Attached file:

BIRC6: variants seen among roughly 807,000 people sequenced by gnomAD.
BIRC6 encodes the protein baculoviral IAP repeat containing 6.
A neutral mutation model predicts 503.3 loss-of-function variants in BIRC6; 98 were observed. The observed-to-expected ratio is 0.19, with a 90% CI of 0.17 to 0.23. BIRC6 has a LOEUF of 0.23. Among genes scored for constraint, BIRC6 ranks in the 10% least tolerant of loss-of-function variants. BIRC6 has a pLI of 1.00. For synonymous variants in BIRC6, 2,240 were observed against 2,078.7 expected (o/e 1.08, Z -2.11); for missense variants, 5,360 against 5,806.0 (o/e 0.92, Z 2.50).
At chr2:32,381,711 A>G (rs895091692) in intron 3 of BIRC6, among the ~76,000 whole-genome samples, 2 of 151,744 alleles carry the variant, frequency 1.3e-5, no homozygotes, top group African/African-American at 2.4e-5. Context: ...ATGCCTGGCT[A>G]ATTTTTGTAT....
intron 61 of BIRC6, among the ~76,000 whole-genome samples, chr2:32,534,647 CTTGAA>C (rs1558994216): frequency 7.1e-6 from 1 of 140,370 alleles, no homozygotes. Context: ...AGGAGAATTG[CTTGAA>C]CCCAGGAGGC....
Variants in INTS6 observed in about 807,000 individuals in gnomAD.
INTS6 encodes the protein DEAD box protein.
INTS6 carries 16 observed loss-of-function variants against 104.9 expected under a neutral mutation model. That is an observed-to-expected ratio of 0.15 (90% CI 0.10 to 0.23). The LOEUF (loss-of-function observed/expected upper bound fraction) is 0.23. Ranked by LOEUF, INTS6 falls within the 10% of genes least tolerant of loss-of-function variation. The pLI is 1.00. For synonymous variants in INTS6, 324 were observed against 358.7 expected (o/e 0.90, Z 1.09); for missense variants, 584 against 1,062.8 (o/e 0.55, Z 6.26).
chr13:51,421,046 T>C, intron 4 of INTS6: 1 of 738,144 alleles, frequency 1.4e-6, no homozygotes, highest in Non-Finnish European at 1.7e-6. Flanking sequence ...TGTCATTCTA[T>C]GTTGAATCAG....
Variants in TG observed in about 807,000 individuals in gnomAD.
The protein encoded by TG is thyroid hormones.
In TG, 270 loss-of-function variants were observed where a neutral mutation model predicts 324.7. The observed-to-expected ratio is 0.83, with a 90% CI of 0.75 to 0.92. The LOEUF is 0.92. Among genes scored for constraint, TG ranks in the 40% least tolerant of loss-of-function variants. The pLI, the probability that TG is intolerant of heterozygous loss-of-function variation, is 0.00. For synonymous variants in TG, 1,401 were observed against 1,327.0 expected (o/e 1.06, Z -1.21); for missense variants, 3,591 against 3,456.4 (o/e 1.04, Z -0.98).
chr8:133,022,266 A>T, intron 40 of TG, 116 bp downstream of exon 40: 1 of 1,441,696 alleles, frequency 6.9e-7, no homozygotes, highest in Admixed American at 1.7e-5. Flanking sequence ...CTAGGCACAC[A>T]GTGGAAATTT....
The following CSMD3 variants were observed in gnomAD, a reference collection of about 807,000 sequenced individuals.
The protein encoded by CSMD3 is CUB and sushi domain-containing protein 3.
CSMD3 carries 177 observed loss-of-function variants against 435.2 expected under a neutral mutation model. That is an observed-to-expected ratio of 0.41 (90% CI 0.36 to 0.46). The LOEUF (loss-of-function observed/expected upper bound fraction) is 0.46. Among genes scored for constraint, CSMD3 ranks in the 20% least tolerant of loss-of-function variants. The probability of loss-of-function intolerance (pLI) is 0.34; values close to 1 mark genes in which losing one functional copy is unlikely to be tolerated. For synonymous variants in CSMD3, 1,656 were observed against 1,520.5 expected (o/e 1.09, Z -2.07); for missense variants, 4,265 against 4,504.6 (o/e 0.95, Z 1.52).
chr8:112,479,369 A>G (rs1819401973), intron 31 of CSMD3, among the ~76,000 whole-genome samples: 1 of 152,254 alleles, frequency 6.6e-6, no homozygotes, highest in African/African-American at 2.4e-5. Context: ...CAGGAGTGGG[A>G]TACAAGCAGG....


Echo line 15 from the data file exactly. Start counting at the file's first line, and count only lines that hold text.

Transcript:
The protein encoded by CSMD3 is CUB and sushi domain-containing protein 3.